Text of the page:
After a short period of time and somewhat reserved cheering, the parade came to an abrupt end, and party-goers dispersed along the main drag to the various pubs and side streets, in which bands played as though in competition with each other.  The party had truly begun, and I was delighted to be right in the centre of it all.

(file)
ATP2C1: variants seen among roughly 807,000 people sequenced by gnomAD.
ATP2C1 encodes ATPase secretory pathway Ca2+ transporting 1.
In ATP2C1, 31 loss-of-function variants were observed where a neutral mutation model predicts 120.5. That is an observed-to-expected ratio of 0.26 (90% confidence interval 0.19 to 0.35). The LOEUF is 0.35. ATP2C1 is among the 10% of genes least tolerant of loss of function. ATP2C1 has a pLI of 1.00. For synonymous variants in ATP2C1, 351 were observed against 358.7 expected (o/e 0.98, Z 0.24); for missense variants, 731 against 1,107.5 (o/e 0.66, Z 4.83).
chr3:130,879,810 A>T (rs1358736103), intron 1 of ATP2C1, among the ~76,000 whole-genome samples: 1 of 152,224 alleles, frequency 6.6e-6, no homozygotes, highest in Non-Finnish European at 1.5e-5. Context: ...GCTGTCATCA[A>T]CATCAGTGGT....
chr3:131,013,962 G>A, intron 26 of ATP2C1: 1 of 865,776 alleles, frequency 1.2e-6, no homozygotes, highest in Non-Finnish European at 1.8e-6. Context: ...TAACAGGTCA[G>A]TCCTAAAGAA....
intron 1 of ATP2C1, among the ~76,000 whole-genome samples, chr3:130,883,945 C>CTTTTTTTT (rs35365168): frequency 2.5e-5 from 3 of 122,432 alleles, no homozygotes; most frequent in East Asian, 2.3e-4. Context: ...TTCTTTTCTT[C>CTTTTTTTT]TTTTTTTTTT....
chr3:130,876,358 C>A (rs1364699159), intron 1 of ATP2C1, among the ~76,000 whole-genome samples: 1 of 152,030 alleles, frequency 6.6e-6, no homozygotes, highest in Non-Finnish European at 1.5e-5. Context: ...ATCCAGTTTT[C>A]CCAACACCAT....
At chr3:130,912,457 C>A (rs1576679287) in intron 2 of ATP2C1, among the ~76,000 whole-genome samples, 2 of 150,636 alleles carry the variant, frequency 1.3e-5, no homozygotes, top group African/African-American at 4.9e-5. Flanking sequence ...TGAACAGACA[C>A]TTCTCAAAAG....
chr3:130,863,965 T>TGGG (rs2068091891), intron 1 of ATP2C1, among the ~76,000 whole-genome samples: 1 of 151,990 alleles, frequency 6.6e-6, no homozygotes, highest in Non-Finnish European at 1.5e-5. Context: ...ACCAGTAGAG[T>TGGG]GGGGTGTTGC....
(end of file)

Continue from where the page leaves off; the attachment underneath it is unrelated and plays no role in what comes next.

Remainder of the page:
It was interesting, being in this tiny town in South Carolina, dressed up like Rainbow Dash on LSD, and the attention I managed to draw from the crowds.  People asked where I was from, and when I replied, simply, “Canada”, the questions and exclamations came in.  “Which part of France is Canada in?”  One asked.  I studied him for awhile, unable to make much sense of that question, let alone come up with a witty retort.  “The North,”I replied, dryly.  “Oh my gosh!  Do you know Celine Dion?”  Another asked.  “Where in Canada?”  A hopeful fella asked, his interest very obviously piqued, “Ottawa,” I answered, wondering if he knew of my little city, which happened to be the capital.  “Oh!  Awesome!  I have a friend in Vancouver,”  He let that hang in the air for a second before following it up with, “His name is Mark.  I wonder if you know him?”  I stared, blankly, for a moment.  “I happen to have a friend called Sarah.  In Los Angeles.”  When I realized he wasn’t quite catching on, I turned and left, a rainbow sparkling hurricane in a crowd of drunkenness.